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Weekend Reading: Schools are widely segregated but nobody is doing anything

  • The vast majority of school districts nationwide haven’t done much to address socioeconomic segregation in schools, a researcher writes. (U.S. News)
  • School segregation is even a problem in Amsterdam, known as a haven of tolerance, which has more than 500 schools where more than 60 percent of students are ethnic minorities. (The Atlantic)
  • Follow along for a day in the life of a Mineola, N.Y., school where students spend 75 percent of their time on iPads. (Hechinger Report)
  • On the other hand, Grand Rapids, Mich., uses a 30-year-old Commodore computer to run heating and cooling at its schools. (WOOD)
  • Is Hillary Clinton ready to fight for school choice? (The Hill)
  • Retired superintendent say teachers are the heroes in Michigan’s broken schools. (Bridge Magazine)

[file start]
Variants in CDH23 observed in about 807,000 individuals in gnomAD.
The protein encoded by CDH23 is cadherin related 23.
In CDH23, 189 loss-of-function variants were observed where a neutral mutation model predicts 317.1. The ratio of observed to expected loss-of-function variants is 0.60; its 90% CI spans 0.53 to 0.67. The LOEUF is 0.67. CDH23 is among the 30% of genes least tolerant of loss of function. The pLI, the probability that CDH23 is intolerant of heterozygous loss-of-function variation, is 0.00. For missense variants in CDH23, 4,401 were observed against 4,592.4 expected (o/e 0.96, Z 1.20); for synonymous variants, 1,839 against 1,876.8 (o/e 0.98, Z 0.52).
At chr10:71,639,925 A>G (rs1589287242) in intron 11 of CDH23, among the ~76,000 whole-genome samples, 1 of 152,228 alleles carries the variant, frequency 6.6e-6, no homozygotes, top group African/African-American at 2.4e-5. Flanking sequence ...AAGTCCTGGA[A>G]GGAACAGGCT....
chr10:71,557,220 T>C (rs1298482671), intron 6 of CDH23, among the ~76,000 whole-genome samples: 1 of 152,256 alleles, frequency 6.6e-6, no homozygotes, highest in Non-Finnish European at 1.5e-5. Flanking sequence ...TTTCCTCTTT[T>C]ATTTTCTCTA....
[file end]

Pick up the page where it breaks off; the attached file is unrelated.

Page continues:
• Closing traditional public schools for good in New Orleans. (Washington Post)
  • Some say Shakespeare is so removed from students’ experiences that it shouldn’t be taught in schools. Here’s another perspective. (New Republic)
  • Here’s what it’s like to be 18 these days, according to a Bay Area high school class. (Medium)
  • A New Jersey teacher’s blog post about a Kendrick Lamar-inspired literature lesson resulted in a visit from the rapper. (NPRed)
  • The criminal justice world is increasingly recognizing that it might not make sense to treat adolescents as just young adults. (The Marshall Project)
  • A New York City charter school network that doesn’t get a lot of attention is posting consistently strong scores. (Reason)
  • In this era of classroom whiteboards, one brand of Japanese chalk has a cult following. (Gizmodo)

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